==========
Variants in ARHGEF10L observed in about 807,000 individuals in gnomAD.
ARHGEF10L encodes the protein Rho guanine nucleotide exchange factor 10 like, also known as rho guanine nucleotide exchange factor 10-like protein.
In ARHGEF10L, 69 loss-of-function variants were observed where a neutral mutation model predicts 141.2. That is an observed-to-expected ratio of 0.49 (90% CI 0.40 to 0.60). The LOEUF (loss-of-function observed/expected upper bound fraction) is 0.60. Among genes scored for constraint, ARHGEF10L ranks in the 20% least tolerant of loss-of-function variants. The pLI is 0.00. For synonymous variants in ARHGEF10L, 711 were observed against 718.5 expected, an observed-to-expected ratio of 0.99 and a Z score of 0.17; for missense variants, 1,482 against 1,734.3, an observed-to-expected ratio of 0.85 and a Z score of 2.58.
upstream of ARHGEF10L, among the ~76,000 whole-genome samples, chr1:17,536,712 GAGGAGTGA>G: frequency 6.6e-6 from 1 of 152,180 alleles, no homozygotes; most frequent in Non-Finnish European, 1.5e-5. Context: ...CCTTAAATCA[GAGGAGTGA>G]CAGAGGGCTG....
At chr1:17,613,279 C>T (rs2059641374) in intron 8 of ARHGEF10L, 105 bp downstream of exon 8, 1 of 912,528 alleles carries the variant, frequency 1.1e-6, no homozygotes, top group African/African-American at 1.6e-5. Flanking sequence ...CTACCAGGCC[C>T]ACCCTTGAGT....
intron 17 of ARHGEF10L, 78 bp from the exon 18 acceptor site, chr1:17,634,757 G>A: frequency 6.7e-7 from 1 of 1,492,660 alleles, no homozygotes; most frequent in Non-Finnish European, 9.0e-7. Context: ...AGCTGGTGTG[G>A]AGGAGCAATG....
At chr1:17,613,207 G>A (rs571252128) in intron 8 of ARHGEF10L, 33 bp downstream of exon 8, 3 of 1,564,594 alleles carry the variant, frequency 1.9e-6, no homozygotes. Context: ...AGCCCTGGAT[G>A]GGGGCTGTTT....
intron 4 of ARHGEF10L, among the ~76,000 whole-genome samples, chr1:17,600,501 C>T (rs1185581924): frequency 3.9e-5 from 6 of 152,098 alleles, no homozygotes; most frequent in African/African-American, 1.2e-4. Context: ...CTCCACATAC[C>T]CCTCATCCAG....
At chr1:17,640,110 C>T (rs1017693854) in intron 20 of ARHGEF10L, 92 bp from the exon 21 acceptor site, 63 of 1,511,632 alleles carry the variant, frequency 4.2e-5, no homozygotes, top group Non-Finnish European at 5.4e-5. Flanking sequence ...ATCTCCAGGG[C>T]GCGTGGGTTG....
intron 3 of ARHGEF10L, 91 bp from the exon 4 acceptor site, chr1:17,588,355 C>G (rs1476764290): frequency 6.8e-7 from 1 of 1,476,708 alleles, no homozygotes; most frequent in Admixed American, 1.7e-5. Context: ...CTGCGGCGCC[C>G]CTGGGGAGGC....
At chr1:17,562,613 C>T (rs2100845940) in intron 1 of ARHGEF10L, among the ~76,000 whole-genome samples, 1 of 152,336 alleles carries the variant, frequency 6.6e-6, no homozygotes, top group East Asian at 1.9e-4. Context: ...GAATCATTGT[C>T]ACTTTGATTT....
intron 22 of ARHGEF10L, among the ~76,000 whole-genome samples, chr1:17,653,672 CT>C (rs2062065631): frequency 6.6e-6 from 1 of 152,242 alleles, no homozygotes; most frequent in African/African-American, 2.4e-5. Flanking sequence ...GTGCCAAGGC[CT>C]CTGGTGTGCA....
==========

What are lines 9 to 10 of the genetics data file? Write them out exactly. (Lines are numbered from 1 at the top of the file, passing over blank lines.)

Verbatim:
At chr1:17,640,110 C>T (rs1017693854) in intron 20 of ARHGEF10L, 92 bp from the exon 21 acceptor site, 63 of 1,511,632 alleles carry the variant, frequency 4.2e-5, no homozygotes, top group Non-Finnish European at 5.4e-5. Flanking sequence ...ATCTCCAGGG[C>T]GCGTGGGTTG....
intron 3 of ARHGEF10L, 91 bp from the exon 4 acceptor site, chr1:17,588,355 C>G (rs1476764290): frequency 6.8e-7 from 1 of 1,476,708 alleles, no homozygotes; most frequent in Admixed American, 1.7e-5. Context: ...CTGCGGCGCC[C>G]CTGGGGAGGC....